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Comrade Kirk and Commissar Picard

I don't believe I have mentioned it here before, but I have always been a fan of Star Trek. In the course of this year I have been watching the programmes again in sequence. I have discovered something in them that I had never noticed before.

Gene Roddenberry, the producers and the writers, as well as members of the cast, belonged to what Americans call "the great generation". James Doohan, who played the Scotty of "beam me up" fame, was a veteran of the D-Day landings.  The hippy-dippy sensibilities of the series (right up to the current reboot movies) typify the 1960s, but were actually the product of the experiences of the creators in their formative years, the 1940s. That generation's world view was forged in the Second World War. And not just in their understandable reaction against the nationalism and ethnic loyalty involved in the rise of Nazism. 

The war broke down for many of them the division between the nation and the state that served it. War leaders like Churchill and Eisenhower were seen as leaders of the people not the state. The survival of Western civilisation was attributed by that generation to the power of, and their loyalty to, the state. Growing up with them as my beloved elders I recall nostalgia for the "we're all in it together" mentality of the war years.  Some even remembered rationing fondly, constantly telling us 1960s children how spoiled and "soft" we were. They were suckers for the Fuehrerprinzip as long as the Fuehrer was democratically elected. This rather missed the point that Hitler of the Axis was whereas Stalin of the Allies wasn't!

Growing up in the 1960s, I was exposed to a culture in which the heroes I was expected to look up to were typically in uniform, under military discipline, and unquestioningly loyal to their leaders. If Government appeared in my comics, books, TV shows, or films, it was always on the side of justice and truth. When I faced down a bully two years above me in defence of a small boy a year below me in my primary school playground, I was consciously doing what would have won approval for Biggles (my lantern jawed childhood hero from the RAF) from his C.O.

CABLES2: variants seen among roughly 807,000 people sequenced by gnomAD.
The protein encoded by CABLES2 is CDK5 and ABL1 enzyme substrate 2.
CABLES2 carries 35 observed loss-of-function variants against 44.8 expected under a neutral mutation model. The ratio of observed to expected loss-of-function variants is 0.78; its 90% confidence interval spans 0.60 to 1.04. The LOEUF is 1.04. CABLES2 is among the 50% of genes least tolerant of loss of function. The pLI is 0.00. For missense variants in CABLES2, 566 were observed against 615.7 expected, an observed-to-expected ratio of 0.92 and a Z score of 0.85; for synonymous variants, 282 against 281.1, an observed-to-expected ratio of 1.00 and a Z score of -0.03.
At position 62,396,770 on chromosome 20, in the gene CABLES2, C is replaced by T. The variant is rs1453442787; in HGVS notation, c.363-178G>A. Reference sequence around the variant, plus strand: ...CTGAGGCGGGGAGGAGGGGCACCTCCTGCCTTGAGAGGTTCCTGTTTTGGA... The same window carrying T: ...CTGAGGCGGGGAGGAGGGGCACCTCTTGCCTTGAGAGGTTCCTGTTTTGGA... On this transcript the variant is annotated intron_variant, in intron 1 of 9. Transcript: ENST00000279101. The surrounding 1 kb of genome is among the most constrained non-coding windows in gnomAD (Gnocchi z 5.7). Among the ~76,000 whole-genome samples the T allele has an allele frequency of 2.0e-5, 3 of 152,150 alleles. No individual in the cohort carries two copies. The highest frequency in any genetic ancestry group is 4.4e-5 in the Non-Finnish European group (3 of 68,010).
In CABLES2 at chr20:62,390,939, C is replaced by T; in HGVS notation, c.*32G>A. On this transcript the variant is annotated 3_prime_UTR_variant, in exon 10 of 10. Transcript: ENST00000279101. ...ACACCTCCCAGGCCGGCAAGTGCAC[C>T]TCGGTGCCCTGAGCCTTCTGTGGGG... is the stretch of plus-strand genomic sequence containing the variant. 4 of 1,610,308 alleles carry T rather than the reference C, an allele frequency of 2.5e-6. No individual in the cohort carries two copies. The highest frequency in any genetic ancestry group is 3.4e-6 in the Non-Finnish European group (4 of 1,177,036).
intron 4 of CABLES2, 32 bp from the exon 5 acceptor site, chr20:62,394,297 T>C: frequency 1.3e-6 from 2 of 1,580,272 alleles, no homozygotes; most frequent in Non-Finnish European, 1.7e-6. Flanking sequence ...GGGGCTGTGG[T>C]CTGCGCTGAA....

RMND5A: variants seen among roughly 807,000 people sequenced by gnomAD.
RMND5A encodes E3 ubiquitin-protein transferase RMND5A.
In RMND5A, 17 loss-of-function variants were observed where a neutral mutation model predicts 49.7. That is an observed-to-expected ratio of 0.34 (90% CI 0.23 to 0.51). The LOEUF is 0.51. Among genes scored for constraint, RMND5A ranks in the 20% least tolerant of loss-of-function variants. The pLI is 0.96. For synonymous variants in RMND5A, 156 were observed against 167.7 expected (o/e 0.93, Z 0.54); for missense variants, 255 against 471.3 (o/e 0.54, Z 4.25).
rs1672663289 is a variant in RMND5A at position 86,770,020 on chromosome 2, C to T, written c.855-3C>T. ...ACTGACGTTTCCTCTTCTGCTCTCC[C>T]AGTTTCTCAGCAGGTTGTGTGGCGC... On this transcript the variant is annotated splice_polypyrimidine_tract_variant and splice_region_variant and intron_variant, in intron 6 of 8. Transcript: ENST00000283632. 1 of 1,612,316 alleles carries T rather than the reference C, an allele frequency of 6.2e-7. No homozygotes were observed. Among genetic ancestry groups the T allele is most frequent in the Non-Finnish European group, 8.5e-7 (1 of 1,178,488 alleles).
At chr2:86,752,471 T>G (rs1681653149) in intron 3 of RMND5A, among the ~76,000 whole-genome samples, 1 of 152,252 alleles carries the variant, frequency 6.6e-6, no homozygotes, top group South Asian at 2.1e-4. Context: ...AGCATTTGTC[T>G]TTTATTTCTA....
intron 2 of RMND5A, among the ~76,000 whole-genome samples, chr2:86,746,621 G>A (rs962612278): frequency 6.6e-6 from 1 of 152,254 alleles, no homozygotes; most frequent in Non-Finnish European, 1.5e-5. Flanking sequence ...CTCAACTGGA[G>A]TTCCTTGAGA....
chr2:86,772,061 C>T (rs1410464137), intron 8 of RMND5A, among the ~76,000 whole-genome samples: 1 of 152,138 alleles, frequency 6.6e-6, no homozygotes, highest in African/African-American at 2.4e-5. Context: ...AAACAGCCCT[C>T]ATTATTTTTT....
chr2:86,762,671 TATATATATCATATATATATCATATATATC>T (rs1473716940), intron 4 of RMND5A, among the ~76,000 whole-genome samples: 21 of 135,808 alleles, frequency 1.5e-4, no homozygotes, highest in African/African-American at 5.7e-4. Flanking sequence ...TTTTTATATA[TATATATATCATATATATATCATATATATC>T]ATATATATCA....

If you think about it, that's odd.  As a society we had rejected the anti-Semitism and racism of the Nazis, but we did not reject their militarism, obedience to the "chain of command" or loyalty to the institutions of the state. We were able somehow simultaneously to hold in our minds the contradictory ideas that their "might is right" ideology was wrong and that the triumph of our brave men at arms had proved us right.

Until re-watching the shows, I had never thought of that.  Yet though Starfleet is constantly described as peaceful, scientific and engaged upon a noble project of exploration to meet and befriend alien cultures, it is also militaristic. If a junior Starfleet officer bypasses the chain of command, that is seen as a disloyal act and provokes righteous anger from superior officers who bark "that's an order" to close discussion down.

When the top brass of Starfleet intervene in the stories, they almost always get it wrong. This is a common theme in war fiction, where the generals are often betrayed as remote and out of touch and "Tommy" or "Joe" on the front line is the true hero. Yet the "scientists" and "explorers" on the USS Enterprise in any of its manifestations never seem to draw any conclusions from the consistent idiocy of their admirals. Just as the relentlessly consistent and damaging failures of postwar governments in the West never seemed to undermine the "great generation's" or the baby boomers' quasi-religious faith in the wise state's ability to build a better world.

It's predictable that the generation that posed the question "what's so funny about peace love and understanding?" should portray the future in a hippy dippy proto-multicultural way.  But only their peculiar life experience could have led them also to portray it in the context of a rigid culture of obedience. It's as if the creators understood and cheerfully accepted that, if economic imperatives are removed, military discipline will, must, fill the resulting vacuum.

For in the Star Trek future the problems of economics have been solved.  There are no shortages of anything except the dilithium required to fuel the starships warp drives. The creators' leftist attitudes to business are gloriously revealed in an episode where a wealthy banker from the 20th century is brought back to life from his cryogenic coffin and obsesses comically about the value of his stocks. And of course in every episode featuring the vilely commercial Ferengi. The United Federation of Planets is successfully communist and its citizens (or at least the ones we are supposed to like) devote themselves to the selfless service of their beneficent state. Graduation from Starfleet Academy (the West Point or Sandhurst of the UFP) is their highest aspiration and its officers loftily disdain the trivial concerns of civilians.

Had we not been happily lapping up the encounters with goofy aliens, the cool (for the time) SFX, the wonderful space vehicles and the uniformly sexy female crew members, we might have seen in Star Trek a series of warnings about how the generation that had won the war would so horribly lose the peace.  

 

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